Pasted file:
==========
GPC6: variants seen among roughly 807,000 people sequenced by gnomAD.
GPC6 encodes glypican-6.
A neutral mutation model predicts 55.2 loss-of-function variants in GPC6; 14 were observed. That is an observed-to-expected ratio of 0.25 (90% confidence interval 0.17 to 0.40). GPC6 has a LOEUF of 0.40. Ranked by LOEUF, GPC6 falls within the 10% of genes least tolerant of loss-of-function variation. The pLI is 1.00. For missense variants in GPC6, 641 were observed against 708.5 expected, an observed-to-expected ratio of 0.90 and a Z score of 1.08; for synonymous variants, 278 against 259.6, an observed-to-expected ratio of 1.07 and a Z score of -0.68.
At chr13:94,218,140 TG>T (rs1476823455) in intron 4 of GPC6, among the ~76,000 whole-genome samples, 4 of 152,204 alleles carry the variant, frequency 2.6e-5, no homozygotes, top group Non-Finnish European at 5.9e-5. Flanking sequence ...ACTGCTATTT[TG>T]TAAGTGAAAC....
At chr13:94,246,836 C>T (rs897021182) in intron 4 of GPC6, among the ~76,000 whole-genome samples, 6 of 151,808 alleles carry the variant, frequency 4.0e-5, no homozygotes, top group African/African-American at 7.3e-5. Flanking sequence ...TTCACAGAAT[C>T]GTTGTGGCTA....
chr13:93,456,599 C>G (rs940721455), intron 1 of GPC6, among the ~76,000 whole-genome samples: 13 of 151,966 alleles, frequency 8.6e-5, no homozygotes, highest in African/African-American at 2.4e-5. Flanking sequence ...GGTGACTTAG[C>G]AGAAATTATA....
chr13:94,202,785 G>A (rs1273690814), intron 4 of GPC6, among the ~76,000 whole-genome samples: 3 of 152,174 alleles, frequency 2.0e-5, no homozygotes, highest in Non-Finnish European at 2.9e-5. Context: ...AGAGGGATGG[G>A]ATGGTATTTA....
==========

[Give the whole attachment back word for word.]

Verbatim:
GPC6: variants seen among roughly 807,000 people sequenced by gnomAD.
GPC6 encodes glypican-6.
A neutral mutation model predicts 55.2 loss-of-function variants in GPC6; 14 were observed. That is an observed-to-expected ratio of 0.25 (90% confidence interval 0.17 to 0.40). GPC6 has a LOEUF of 0.40. Ranked by LOEUF, GPC6 falls within the 10% of genes least tolerant of loss-of-function variation. The pLI is 1.00. For missense variants in GPC6, 641 were observed against 708.5 expected, an observed-to-expected ratio of 0.90 and a Z score of 1.08; for synonymous variants, 278 against 259.6, an observed-to-expected ratio of 1.07 and a Z score of -0.68.
At chr13:94,218,140 TG>T (rs1476823455) in intron 4 of GPC6, among the ~76,000 whole-genome samples, 4 of 152,204 alleles carry the variant, frequency 2.6e-5, no homozygotes, top group Non-Finnish European at 5.9e-5. Flanking sequence ...ACTGCTATTT[TG>T]TAAGTGAAAC....
At chr13:94,246,836 C>T (rs897021182) in intron 4 of GPC6, among the ~76,000 whole-genome samples, 6 of 151,808 alleles carry the variant, frequency 4.0e-5, no homozygotes, top group African/African-American at 7.3e-5. Flanking sequence ...TTCACAGAAT[C>T]GTTGTGGCTA....
chr13:93,456,599 C>G (rs940721455), intron 1 of GPC6, among the ~76,000 whole-genome samples: 13 of 151,966 alleles, frequency 8.6e-5, no homozygotes, highest in African/African-American at 2.4e-5. Flanking sequence ...GGTGACTTAG[C>G]AGAAATTATA....
chr13:94,202,785 G>A (rs1273690814), intron 4 of GPC6, among the ~76,000 whole-genome samples: 3 of 152,174 alleles, frequency 2.0e-5, no homozygotes, highest in Non-Finnish European at 2.9e-5. Context: ...AGAGGGATGG[G>A]ATGGTATTTA....